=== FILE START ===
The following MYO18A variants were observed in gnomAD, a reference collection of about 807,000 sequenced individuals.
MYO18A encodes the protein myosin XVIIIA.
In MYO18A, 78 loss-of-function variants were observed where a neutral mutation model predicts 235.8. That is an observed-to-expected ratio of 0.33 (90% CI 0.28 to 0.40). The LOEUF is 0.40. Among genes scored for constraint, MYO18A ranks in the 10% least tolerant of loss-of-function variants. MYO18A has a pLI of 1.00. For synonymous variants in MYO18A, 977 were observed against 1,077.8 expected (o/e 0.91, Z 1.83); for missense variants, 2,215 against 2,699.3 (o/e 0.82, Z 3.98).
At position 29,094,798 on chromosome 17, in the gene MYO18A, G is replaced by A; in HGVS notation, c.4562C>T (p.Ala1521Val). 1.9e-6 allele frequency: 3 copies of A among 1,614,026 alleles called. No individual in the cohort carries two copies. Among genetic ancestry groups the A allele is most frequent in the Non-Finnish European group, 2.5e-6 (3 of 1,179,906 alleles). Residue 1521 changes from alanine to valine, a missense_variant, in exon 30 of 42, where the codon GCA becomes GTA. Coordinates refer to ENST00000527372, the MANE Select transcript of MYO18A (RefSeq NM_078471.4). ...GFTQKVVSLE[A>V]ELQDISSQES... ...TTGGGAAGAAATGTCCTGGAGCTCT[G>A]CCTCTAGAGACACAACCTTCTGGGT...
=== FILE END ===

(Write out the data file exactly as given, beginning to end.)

The following MYO18A variants were observed in gnomAD, a reference collection of about 807,000 sequenced individuals.
MYO18A encodes the protein myosin XVIIIA.
In MYO18A, 78 loss-of-function variants were observed where a neutral mutation model predicts 235.8. That is an observed-to-expected ratio of 0.33 (90% CI 0.28 to 0.40). The LOEUF is 0.40. Among genes scored for constraint, MYO18A ranks in the 10% least tolerant of loss-of-function variants. MYO18A has a pLI of 1.00. For synonymous variants in MYO18A, 977 were observed against 1,077.8 expected (o/e 0.91, Z 1.83); for missense variants, 2,215 against 2,699.3 (o/e 0.82, Z 3.98).
At position 29,094,798 on chromosome 17, in the gene MYO18A, G is replaced by A; in HGVS notation, c.4562C>T (p.Ala1521Val). 1.9e-6 allele frequency: 3 copies of A among 1,614,026 alleles called. No individual in the cohort carries two copies. Among genetic ancestry groups the A allele is most frequent in the Non-Finnish European group, 2.5e-6 (3 of 1,179,906 alleles). Residue 1521 changes from alanine to valine, a missense_variant, in exon 30 of 42, where the codon GCA becomes GTA. Coordinates refer to ENST00000527372, the MANE Select transcript of MYO18A (RefSeq NM_078471.4). ...GFTQKVVSLE[A>V]ELQDISSQES... ...TTGGGAAGAAATGTCCTGGAGCTCT[G>A]CCTCTAGAGACACAACCTTCTGGGT...